Life insurance is a tool for reducing the risk of financial troubles for your loved ones after your death. You should reassess that risk regularly to see if it has changed every few years, especially if the premiums are high. You shouldn’t hesitate to cancel a life insurance policy—or allow it to expire—if you've identified that you no longer need it.
Could my family lose the house or car?
Most people purchase life insurance around major milestones. If you own a house, for example, you may have long-term payments on a mortgage. If your family can't keep up with those payments in your absence, it cost them their home. If your life insurance policy is nearing the end of its term, or if you're considering canceling it, you need to revisit these obligations.
Do you still have several years left on your mortgage? Did you recently finance the purchase of a car? Think of major property that could be repossessed by your lenders if the outstanding loans aren't paid off, and evaluate your family's ability to pay them off in your absence.
In some situations, such as if you're 20 years into a 30-year mortgage, it may be a better option to reduce rather than cancel the amount of life insurance coverage you carry. Doing so would continue to alleviate your family from risk while reducing the cost of your coverage.
If your mortgage is paid in full, or your family’s savings and supplemental income is large enough to keep up with payments, you could consider canceling your term-life coverage.
Do I have any present or future financial obligations?
You should review other outstanding debts, like credit cards, and future financial obligations, like college, before you cancel your life insurance.
For example, if your spouse is a co-signer on your credit card, they will still be held responsible for any debt associated with that account. Paying it down without your income could be difficult for your spouse. Or, if you're helping your children pay off their student loans, they may struggle to keep up with payments in your absence.
You should also think of financial obligations you haven't taken on yet. Are you planning to pay for your child's college tuition five years from now? Do you expect to pay for a wedding sometime down the road? If the answer is yes to these types of life questions, you may want to consider holding onto your insurance policy.
If you can meet these metrics, then you could consider canceling your policy.
- *Your mortgage is nearly paid off
- *Your significant financial obligations are settled
- *You have accumulated significant savings in your retirement fund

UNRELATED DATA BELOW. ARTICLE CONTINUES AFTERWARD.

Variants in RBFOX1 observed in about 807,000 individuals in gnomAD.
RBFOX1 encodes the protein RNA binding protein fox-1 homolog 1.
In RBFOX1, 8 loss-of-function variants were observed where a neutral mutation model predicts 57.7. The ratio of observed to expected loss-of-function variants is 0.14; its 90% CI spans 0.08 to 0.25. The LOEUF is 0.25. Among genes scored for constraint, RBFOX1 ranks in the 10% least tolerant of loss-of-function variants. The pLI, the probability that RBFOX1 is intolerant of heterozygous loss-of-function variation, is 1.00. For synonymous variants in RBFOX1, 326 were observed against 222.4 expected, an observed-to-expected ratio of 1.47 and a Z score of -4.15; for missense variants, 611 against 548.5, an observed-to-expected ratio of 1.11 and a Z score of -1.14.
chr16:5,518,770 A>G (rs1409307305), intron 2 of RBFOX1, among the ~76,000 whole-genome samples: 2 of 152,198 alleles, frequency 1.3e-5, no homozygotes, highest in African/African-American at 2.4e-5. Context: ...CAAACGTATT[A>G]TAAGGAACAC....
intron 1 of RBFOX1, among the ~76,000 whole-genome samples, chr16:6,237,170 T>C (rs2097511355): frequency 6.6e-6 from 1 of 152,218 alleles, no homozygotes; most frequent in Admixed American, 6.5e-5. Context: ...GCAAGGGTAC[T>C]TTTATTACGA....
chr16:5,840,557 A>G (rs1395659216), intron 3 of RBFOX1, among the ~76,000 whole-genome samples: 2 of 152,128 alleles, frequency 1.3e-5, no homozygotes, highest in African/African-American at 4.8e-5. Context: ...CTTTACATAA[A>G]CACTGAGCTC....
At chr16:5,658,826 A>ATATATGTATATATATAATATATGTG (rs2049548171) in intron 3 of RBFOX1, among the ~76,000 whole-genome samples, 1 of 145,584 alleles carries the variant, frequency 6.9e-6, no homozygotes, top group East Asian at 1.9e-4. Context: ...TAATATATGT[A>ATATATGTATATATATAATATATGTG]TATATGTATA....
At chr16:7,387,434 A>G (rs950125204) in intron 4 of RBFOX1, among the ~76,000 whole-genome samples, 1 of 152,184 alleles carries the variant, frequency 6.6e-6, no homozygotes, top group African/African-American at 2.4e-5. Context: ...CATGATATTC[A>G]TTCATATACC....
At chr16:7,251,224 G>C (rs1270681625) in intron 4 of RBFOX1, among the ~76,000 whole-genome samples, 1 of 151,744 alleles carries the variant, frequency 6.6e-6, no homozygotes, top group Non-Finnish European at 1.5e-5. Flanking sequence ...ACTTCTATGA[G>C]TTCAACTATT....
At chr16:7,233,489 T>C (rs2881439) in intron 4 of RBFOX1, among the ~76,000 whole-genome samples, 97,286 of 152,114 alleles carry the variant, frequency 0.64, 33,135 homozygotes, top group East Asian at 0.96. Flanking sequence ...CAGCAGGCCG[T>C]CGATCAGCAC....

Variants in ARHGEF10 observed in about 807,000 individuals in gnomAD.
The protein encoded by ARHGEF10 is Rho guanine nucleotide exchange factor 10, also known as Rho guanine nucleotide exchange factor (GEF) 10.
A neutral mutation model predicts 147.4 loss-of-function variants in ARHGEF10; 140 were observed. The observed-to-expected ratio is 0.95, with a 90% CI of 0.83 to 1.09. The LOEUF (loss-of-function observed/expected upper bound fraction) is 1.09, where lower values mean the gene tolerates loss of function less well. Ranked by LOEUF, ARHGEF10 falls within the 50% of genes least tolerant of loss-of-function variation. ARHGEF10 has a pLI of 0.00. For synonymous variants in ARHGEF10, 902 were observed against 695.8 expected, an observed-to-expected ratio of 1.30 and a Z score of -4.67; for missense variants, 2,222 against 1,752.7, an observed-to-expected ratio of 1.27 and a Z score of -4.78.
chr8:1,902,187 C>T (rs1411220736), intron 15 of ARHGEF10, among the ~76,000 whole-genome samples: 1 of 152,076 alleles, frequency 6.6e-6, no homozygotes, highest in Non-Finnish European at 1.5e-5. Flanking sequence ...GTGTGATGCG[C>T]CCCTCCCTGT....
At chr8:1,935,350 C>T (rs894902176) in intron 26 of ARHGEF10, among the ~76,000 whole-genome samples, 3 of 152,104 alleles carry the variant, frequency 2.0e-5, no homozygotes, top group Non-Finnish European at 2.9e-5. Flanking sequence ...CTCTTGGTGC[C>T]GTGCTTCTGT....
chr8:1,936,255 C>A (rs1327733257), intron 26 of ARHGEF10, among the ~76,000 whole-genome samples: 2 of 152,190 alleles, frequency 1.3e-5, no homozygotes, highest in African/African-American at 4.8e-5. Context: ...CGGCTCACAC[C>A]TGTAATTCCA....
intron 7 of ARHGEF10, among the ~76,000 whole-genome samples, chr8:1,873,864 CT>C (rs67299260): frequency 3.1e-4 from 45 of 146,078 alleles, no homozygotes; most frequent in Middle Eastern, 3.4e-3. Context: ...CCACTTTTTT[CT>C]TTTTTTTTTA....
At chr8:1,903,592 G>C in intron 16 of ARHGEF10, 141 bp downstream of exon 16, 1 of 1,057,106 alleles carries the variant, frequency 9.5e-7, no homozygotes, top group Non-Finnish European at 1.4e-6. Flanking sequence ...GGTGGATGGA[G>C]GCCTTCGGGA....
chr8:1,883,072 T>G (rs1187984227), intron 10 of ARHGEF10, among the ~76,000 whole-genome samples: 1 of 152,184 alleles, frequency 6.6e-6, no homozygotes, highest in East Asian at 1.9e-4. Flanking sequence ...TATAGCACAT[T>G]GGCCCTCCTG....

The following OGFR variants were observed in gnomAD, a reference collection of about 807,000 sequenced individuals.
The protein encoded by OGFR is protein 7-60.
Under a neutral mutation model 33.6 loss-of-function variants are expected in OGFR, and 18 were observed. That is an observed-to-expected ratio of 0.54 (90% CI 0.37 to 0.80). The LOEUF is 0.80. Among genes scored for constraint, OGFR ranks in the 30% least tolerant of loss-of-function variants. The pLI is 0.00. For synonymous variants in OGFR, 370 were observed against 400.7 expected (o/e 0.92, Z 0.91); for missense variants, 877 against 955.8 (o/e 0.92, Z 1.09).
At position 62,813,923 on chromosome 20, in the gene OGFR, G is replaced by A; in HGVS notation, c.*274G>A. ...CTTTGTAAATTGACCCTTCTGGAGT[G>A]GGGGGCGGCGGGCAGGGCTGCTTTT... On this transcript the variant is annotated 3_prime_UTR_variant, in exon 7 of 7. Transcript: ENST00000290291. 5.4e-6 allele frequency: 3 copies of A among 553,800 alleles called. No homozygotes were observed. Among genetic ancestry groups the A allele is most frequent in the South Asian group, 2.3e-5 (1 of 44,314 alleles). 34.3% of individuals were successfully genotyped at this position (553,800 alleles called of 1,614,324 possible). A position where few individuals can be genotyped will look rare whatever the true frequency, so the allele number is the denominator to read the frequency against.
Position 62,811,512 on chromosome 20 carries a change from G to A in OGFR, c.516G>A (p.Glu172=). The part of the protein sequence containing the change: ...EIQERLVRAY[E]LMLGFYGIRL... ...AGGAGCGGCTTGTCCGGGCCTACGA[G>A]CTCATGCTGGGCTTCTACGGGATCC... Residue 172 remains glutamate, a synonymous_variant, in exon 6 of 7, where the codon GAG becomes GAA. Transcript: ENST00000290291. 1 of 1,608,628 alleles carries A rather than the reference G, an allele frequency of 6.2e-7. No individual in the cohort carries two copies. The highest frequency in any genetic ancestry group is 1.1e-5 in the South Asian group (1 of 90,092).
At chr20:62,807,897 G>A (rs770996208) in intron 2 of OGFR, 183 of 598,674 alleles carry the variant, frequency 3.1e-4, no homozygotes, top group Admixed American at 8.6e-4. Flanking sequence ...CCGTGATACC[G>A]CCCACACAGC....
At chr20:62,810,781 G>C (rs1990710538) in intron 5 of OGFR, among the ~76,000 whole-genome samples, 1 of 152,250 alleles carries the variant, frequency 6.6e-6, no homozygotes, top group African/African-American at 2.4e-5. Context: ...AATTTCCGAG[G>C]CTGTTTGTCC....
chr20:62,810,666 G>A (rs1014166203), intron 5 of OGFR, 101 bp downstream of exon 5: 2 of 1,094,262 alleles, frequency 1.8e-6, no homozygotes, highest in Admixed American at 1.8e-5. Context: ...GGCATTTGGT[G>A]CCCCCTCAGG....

What about your burial expenses? The average funeral costs around $10,000. If your family can afford these expenses without taking on new debt, you may not need your insurance; otherwise, a generous death benefit could cover these costs.
Will my family be able to keep up with daily expenses without me?
While large financial obligations should be your most significant consideration when determining whether you need life insurance, you shouldn't discount the financial burden of everyday life.
Your family could be debt-free and still struggle to pay for gas and groceries without your income, especially if you’re the breadwinner. Can your partner or spouse support themselves and your children (if you have them) without your salary? If your family can afford daily expenses, pay their bills, and retire in comfort without the use of life insurance funds, you may want to consider canceling your policy.
Should I convert my term insurance into a whole life policy?
If you carry a term life insurance, and you're nearing the end of your term, you may start to receive messages from your agent or insurance company encouraging you to convert your insurance into a whole life policy.
While "life insurance for your whole life" may sound appealing, keep in mind: whole life insurance is much more expensive than term life, and the rate of return on the investment portion of your insurance premiums is often low. Average policyholders would do better to maintain their current policies to the end of their terms and then invest the difference in premiums themselves.
However, if you believe your heirs will be hit with a hefty estate tax bill, or if you have a pre-existing medical condition, you might want to consider purchasing whole life insurance.
How much am I leaving to my heirs?
In 2020, the estate tax exemption amount is $11.58 million per individual ($23.16 million for couples). Any assets over this limit will be taxed at 40% when they are passed to your beneficiaries. If you fall into this small pool of individuals, maintaining a whole life policy covering an amount equal to your estate tax obligation could provide liquid assets to those inheriting your wealth. Doing so would enable them to pay these taxes without liquidating your property, such as your house, to pay the associated taxes.
Do I have any pre-existing conditions?
People with significant pre-existing medical conditions may want to consider whole life insurance.
One of the few benefits of converting a term life insurance policy into a whole life policy is that you often aren't required to prove insurability. This means that those with significant medical issues may be able to obtain the coverage they wouldn't usually qualify for—at least not at average rates. In some cases, you also may have the option to renew your term policy without a new medical examination, but it’s uncommon.
This is one rare occasion when life insurance could be used as a sound investment. Individuals who expect to pass away within the next five years could take advantage of a policy conversion to provide a windfall for their beneficiaries without having to pay decades of whole life insurance premiums.
However, keep in mind that many people outlive their doctors' prognoses. You may have pre-existing medical conditions and live for 15 or 20 more years. If you do, the value of a whole life policy diminishes accordingly.